Everything was framed at 48fps, a balance between the motion we wanted and the exposure that we needed to keep for the scene. That meant the Fujinon had to live at 2.8 while my primes could go all the way to 2.

The final scene was the exit into "summer". I placed the Skypanel outside angled down, set to a warm orange glow to simulate sunset. It made it seem our talent was walking out into the sunlight, which played beautifully off all our foliage.

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After the walkthrough, we shot another walkthrough with The Chainsmokers, plus an interview with them and several of the event attendees. It was a crowded house, with several hundred people and lots of pyro and stage effects. Definitely one of the most fun projects I've had the chance to work on!

Below is the official event video featuring The Chainsmokers:

Vanity Fair's First Instagram Videos

THE PROJECT

I had the privilege to DP Vanity Fair's first ever Instagram videos that they published. The project was to be a series of motion portraits of various celebrities attending after the White House Correspondent's Dinner in 2016. For this project, produced by Boatman Media, they tapped well-known director and VF photographer Douglas Friedman to direct this project, and I was selected as the cinematographer. For Douglas, shooting video was something new, especially in attempting to adapt his style of photography to motion. We needed a camera system that could achieve slow motion and yet capable of delivering print-quality stills. Because of these requirements, we chose to use the RED Epic Dragon to film this project.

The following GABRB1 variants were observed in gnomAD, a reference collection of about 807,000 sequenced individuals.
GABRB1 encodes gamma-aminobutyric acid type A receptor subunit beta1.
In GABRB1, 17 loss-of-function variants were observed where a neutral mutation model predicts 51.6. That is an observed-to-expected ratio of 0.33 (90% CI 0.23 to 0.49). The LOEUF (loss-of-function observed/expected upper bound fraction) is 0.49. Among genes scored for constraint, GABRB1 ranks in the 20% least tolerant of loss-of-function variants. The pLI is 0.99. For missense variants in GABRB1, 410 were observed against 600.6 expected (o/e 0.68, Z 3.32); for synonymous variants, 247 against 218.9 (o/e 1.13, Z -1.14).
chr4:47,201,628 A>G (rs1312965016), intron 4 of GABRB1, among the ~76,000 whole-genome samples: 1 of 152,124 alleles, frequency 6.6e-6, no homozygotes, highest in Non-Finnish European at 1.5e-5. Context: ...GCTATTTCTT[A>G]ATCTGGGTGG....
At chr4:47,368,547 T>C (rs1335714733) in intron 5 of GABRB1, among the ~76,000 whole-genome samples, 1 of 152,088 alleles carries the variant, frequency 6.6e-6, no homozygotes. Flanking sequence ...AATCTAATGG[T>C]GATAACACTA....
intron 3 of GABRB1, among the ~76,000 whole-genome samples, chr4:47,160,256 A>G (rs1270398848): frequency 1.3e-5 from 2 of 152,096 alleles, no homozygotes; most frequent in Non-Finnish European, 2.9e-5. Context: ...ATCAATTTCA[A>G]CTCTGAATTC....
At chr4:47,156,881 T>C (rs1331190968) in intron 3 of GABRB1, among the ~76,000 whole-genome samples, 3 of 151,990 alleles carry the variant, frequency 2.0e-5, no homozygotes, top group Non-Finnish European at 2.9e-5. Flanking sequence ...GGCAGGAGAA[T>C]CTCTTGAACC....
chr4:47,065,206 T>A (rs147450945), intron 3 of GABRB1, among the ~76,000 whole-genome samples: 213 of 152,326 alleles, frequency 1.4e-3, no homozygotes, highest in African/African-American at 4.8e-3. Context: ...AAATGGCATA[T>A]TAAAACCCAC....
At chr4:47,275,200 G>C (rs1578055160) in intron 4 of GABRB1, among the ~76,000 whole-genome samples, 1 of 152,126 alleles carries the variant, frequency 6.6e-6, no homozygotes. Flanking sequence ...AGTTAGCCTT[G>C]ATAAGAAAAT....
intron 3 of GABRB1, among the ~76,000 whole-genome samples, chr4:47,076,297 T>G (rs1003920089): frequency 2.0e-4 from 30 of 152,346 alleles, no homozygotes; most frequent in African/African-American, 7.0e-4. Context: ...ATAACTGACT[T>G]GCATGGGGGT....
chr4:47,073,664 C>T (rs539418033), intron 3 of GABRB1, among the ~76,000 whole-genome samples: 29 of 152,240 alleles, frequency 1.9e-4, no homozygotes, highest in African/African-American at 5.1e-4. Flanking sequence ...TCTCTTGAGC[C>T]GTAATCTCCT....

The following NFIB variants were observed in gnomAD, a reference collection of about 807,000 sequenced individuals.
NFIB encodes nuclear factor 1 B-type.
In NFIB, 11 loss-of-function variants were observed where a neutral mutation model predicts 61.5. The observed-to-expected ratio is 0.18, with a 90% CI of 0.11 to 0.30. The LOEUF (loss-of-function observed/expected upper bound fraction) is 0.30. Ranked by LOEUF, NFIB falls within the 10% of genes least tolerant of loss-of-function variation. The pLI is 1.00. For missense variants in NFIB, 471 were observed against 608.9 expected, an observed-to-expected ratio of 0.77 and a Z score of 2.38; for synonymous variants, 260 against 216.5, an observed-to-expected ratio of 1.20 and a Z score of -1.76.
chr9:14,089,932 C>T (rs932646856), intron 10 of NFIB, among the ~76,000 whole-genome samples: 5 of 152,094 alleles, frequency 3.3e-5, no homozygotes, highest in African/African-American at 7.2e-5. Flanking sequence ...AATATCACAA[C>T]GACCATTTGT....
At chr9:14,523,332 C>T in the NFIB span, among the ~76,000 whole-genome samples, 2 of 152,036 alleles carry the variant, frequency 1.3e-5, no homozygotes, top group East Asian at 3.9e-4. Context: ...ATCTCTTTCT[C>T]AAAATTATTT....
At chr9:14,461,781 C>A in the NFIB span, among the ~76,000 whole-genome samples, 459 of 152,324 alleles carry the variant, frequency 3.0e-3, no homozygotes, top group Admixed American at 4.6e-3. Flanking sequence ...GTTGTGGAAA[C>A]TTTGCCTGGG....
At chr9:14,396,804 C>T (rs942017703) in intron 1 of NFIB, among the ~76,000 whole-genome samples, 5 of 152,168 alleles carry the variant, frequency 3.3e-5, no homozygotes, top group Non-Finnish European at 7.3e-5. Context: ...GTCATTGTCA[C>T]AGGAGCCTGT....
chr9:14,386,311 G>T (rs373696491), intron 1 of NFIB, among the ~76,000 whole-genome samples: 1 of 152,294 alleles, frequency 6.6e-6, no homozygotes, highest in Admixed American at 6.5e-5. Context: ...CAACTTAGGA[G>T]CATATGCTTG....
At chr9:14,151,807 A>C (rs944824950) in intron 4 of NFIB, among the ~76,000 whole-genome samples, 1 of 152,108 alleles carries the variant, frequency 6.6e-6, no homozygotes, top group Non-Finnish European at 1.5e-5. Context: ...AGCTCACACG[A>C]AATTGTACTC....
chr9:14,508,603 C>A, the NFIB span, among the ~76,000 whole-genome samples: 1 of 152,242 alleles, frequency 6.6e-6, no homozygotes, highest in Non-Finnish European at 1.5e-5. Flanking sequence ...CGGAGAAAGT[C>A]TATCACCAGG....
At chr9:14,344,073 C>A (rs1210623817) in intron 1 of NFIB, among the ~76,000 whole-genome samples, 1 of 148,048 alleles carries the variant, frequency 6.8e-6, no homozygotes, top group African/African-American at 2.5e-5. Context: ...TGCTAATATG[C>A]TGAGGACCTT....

This complex project had two tricky parts: one was the lighting setup (more about that below), and the second was that these videos needed to go LIVE on Instagram during the very event that we were filming! To achieve this, we had to have a post production team on-site ready to begin the editing and coloring process using DaVinci Resolve after every single shot!

Ultimately we produced 46 individualized video portraits that were uploaded throughout the night to Vanity Fair’s Instagram feed. Here's the finished product:

THE STAGE AND LIGHTING SETUP

David Boatman, the producer, came to me with a lighting idea that the director had come up with. A 20' x 20' stage was being built to simulate a sitting room in the White House. Douglas wanted to film in high speed while achieving a time-lapse effect with the lighting, so that it appeared the sun was moving behind the subject at high speed while the talent barely moved at all. To achieve this, he wanted to put powerful lights on dollytracks both in front and behind the subject, with the camera itself on a slider to push in or pull away from our talent. After a bit of study, this was the lighting scheme I came up with.